Most of the affected USB audio devices were simply trashed.

        I know quite a few people who moved to Windows because of this.

  15. Ozan

    I remember the times when I faced SATA disks at home for first time. The disks, DVD writer worked only with one set of cable connection but never with any other possible connection way.

    1. FIA Silver badge

      Unlike others here I've never had SCSI issues, but I will say that I've got to the point of just changing SATA cables out at the first sign of trouble if they're a few years old and have been bent a bit, it's just easier than finding out later that's what the (very interment) problem is.

  16. nentuaby

    I've run into something not too dissimilar, though less extreme. There's a "golden key" USB thumbstick I have to keep in a very safe place, because it's the only one slow enough for certain old mqchines to read at boot when they need a new OS image.

  17. Anonymous Coward
    Anonymous Coward

    Failover & forced reboots

    Years ago I ran a company sanctioned FTP server in a colocation data center. The firewalls it sat behind were our product (AC for a reason), and had a tendency to lock up after a few weeks. The problem was once one locked, it was about 8 hours until the second, then 4 hours on the third. Sure, I could access the APC power strip and cycle the power if I caught it in time, otherwise it was a road trip to the data center to press some power buttons.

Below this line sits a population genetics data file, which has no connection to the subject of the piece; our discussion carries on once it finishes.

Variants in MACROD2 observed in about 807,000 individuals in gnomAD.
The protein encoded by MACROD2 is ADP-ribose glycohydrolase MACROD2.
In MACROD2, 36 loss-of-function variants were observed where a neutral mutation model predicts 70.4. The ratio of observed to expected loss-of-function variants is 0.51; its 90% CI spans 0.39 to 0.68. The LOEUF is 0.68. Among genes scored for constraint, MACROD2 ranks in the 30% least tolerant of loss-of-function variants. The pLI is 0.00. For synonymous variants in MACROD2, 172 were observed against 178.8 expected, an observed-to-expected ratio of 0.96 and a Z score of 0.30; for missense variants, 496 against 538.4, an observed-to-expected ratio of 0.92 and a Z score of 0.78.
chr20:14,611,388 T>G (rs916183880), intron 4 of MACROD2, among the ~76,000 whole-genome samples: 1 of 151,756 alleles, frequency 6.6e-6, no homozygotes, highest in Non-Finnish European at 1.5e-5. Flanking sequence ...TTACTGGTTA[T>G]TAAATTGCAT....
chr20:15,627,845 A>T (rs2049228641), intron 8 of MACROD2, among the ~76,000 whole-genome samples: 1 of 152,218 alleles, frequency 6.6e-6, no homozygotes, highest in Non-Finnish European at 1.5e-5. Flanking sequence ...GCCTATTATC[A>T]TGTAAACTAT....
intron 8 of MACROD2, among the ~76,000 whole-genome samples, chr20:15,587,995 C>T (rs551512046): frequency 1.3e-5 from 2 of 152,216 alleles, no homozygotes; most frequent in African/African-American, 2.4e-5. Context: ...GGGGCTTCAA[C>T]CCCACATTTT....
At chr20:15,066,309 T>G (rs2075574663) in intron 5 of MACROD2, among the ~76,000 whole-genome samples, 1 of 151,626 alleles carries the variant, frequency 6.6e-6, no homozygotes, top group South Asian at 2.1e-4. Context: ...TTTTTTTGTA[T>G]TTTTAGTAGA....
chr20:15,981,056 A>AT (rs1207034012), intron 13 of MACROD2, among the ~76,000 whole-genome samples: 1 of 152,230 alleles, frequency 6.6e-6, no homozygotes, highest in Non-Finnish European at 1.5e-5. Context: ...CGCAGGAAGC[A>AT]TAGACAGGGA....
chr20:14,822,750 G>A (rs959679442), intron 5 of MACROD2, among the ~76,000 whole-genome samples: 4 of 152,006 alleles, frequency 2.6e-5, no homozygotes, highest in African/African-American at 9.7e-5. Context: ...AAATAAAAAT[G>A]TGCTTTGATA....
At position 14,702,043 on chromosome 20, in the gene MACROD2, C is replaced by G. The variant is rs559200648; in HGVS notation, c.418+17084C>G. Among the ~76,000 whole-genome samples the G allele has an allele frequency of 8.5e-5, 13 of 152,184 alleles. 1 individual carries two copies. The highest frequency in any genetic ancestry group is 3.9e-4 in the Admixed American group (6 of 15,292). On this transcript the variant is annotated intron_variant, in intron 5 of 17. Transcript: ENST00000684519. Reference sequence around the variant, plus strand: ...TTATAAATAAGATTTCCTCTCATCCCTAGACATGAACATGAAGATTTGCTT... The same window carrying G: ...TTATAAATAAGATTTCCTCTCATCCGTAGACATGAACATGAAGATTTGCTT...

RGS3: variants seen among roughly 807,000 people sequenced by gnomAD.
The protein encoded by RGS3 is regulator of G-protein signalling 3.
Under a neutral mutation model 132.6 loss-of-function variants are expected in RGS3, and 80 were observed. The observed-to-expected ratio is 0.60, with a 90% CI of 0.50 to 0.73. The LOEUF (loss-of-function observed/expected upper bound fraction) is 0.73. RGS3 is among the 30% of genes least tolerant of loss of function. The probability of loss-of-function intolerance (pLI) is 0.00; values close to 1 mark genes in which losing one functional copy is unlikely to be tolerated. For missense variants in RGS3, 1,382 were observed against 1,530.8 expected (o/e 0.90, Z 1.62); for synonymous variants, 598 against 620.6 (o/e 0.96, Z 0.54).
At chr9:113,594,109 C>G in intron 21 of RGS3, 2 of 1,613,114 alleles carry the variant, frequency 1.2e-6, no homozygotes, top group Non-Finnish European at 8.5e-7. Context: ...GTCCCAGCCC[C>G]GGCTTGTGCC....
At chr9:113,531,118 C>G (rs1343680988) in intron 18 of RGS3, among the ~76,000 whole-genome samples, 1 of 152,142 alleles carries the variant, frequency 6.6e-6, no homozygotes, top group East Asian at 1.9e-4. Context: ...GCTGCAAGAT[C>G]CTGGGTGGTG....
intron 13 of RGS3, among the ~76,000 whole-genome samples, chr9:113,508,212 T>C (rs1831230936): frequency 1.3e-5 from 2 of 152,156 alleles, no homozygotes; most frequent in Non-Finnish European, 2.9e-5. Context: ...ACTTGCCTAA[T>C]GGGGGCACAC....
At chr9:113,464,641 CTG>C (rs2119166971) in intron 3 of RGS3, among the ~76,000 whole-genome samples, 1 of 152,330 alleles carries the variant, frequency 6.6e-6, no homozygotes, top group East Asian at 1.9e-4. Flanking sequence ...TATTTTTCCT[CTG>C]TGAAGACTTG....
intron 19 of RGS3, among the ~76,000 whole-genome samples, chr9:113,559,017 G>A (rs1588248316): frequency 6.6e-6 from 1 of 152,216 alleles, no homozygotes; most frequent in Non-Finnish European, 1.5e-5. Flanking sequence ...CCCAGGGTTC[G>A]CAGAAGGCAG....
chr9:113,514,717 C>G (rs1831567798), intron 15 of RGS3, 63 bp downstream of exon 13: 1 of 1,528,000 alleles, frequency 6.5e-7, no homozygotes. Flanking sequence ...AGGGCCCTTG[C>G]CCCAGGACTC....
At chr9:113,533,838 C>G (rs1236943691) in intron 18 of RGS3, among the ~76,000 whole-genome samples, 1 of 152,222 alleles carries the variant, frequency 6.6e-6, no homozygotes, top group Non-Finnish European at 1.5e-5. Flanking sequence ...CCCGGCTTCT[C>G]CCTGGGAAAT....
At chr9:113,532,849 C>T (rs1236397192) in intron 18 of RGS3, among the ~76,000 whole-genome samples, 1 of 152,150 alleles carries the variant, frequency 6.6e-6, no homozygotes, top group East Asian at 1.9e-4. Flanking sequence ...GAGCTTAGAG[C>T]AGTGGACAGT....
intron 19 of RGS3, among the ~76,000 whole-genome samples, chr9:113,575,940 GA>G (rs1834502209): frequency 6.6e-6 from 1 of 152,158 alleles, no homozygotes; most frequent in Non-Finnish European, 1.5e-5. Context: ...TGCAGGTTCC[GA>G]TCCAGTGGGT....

The solution was some mechanical light timers, set at 8-hour intervals. Firewalls had high-availability & load-balancing, so it was no problem to give them individually a 30-minute forced time-out once a day. Kept their re-boots fresh and I never had to make a panic run to the DC again.

    1. Sandtitz Silver badge

      Re: Failover & forced reboots

      "The solution was some mechanical light timers, set at 8-hour intervals. Firewalls had high-availability & load-balancing, so it was no problem to give them individually a 30-minute forced time-out once a day."

      A perfectly fine solution ...until someone decides to upgrade the firewall firmware and is unaware of the timer - or just momentary forgetfulness...

  18. Herby

    Computer wiring & busses...

    If you want something that always worked, not much better than good old "bus" and "tag". Pretty standard in its day.